TANGIER SOUND -- Dwight Marshall hoists his crab pot onto the deck of the Miss Marshall and opens the hatch. Inside are a half-dozen jellyfish, a few blades of grass and four scurrying peeler crabs.
Over two hours, he will pull up a hundred more pots and every time it is the same - many worthless sea creatures and only a few of the moneymaking soft-shell crabs that keep watermen afloat.
For the crabbers that work the choppy waters west of Crisfield - historically the cradle of crab bounty - this summer is shaping up to be the worst in decades.
Since May, when the crabs typically shed their shells en masse and watermen make the money that gets them through the winter, Marshall and his fellow crabbers have endured skyrocketing expenses for fuel while the catch has been terrible.
Though the state doesn't have numbers yet for the summer, the ferry loads tell the dismal story. Smith Island crabbers usually ship about 25 boxes a day to the markets in Crisfield, each box holding up to 18 dozen soft-shells. Last month, the ferry was hauling just four boxes a trip.
"It's up there among the worst seasons. I'll put it that way," said Marshall, who has crabbed for more than 40 years and is known as one of the island's best watermen.
Even in good years, peelers account for less than 10 percent of the Chesapeake Bay crab harvest. Conditions needed for a good shed are so specific that a poor peeler catch doesn't tell scientists much about the hard crab season, said Lynn Fegley, a fisheries director at the Maryland Department of Natural Resources. Fegley's numbers show that watermen harvested about 1.4 million pounds of hard crabs from Maryland's portion of the bay in May, the last month for which numbers are available. That figure is slightly above average for recent years.
The peeler harvest is measured in the thousands of pounds. But to the watermen of Smith Island and other Tangier Sound communities, those numbers mean everything.
More than 90 percent of the state's soft crabs come from Tangier Sound, and nearly every islander's living is tied to the season. Men in the three island towns of Tylerton, Rhodes Point and Ewell rise before sunset and ride out to their peeler pots - steel cages that sink to the sound's bottom and catch the scurrying crabs. Some crabbers prefer to use a scrape that drags along the bottom.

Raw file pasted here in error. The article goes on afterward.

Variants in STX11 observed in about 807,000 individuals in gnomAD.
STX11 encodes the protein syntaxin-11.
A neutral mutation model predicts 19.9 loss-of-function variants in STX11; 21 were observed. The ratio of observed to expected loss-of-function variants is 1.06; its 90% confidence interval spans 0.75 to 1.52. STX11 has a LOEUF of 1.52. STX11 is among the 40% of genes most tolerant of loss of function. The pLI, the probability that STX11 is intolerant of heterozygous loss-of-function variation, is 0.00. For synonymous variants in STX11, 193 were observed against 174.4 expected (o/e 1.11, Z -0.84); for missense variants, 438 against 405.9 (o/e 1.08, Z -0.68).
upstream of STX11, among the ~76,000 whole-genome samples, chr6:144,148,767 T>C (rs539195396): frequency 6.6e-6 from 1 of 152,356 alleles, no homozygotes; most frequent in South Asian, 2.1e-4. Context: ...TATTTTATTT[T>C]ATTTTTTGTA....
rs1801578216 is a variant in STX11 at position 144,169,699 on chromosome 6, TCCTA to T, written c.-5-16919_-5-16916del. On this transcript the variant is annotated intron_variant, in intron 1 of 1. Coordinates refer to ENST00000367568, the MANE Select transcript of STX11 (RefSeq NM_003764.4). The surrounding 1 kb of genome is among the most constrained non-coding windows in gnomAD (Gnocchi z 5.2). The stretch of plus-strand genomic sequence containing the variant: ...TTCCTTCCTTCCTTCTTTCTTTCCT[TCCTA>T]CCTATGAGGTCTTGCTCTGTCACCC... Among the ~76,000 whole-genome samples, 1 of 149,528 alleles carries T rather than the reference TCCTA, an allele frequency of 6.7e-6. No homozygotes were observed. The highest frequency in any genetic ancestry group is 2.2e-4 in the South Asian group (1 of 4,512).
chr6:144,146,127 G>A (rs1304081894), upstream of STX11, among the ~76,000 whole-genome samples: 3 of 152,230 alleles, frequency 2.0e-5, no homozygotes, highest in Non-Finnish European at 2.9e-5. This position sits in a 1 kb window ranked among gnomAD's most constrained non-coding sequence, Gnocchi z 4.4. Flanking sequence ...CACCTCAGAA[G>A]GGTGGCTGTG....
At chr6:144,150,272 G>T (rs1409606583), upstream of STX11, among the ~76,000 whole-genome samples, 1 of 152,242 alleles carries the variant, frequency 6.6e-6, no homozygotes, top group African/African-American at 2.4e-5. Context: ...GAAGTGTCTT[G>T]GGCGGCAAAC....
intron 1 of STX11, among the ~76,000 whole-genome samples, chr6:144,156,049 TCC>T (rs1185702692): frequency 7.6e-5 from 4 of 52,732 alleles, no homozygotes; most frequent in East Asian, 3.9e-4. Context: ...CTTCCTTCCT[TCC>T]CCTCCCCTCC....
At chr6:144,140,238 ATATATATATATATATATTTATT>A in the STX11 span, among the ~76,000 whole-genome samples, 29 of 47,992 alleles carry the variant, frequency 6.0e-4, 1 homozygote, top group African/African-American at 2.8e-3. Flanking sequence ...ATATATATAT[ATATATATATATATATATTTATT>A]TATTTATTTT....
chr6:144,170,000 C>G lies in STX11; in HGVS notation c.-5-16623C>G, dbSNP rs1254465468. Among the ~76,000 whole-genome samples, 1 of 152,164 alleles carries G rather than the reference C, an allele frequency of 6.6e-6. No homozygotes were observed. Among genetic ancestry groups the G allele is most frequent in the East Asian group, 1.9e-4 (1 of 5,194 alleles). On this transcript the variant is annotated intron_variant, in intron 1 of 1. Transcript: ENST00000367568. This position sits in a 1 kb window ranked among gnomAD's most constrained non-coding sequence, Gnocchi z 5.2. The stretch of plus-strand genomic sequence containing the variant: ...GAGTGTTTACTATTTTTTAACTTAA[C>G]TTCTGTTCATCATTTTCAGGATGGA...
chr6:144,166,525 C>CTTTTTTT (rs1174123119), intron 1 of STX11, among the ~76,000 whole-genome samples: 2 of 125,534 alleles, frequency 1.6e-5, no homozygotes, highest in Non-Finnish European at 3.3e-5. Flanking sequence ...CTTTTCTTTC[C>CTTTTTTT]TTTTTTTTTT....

The men return home by midafternoon and place their crabs in a sloughing tank, where they check them every few hours to see whether they've shed their shells. When that happens, they take out the crabs, pack them in the boxes and load them onto the Crisfield ferry for shipment all over the country.
Fred Marshall, who at 80 is the oldest man in Tylerton, remembers the last time he saw a season as bad as this one. It was shortly after World War II, and crabs were so scarce that islanders rode out the season working in Baltimore shipyards.
Those shipyard jobs are long gone, but crabbers are still looking elsewhere for a living. Many have already left the island for jobs in the state prison in Princess Anne, where the paycheck is steady and the benefits good.
The younger men, such as Adam Corbin, are looking to tugboats, tough work where they'll be away from their families half the month. Corbin, a 23-year-old with a tattoo of Jesus on his forearm, works as a mate on another crabber's' boat.
Though his father is a crabber, and his grandfather was one too, Corbin said he can't endure a waterman's life.
"For me, it was either get a boat and go into debt, or get off. It wasn't a very hard decision."
The poor season comes as the cost of diesel fuel is increasing; a boat's gas bill can run several hundred dollars a week. The price of steel for making the crab pots is also rising, as is the zinc used to stop corrosion.
"A lot of the younger ones just don't want this type of life, and you can't blame them," said Billy Clayton Jr., a crabber who typically catches 500 to 600 peelers a day but this month was catching only a couple of hundred a week.
Smith Islanders live frugally. Homes are modest, and the few cars on the island's narrow streets have seen better days. There are no bars or liquor stores. Ewell has two restaurants catering mostly to tourists.
But islanders are known to splurge on a few luxuries, such as minibikes for the children at Christmas and day trips to Crisfield and Salisbury for shopping.
Lately, Clayton said, he and his wife have rarely left the island.
"When it gets this tight, we just pull in the reins," he said. Even though the blue crab is one of the most studied organisms in the Chesapeake Bay, with millions of dollars devoted to its restoration, scientists don't know much about the peeler season.
"We don't fully understand what causes crabs to move on when they do, or to molt when they do," said Thomas Miller, a professor at the University of Maryland's Chesapeake Biological Laboratory in Solomons. "We tend not to study things in enough detail until we reach crisis mode."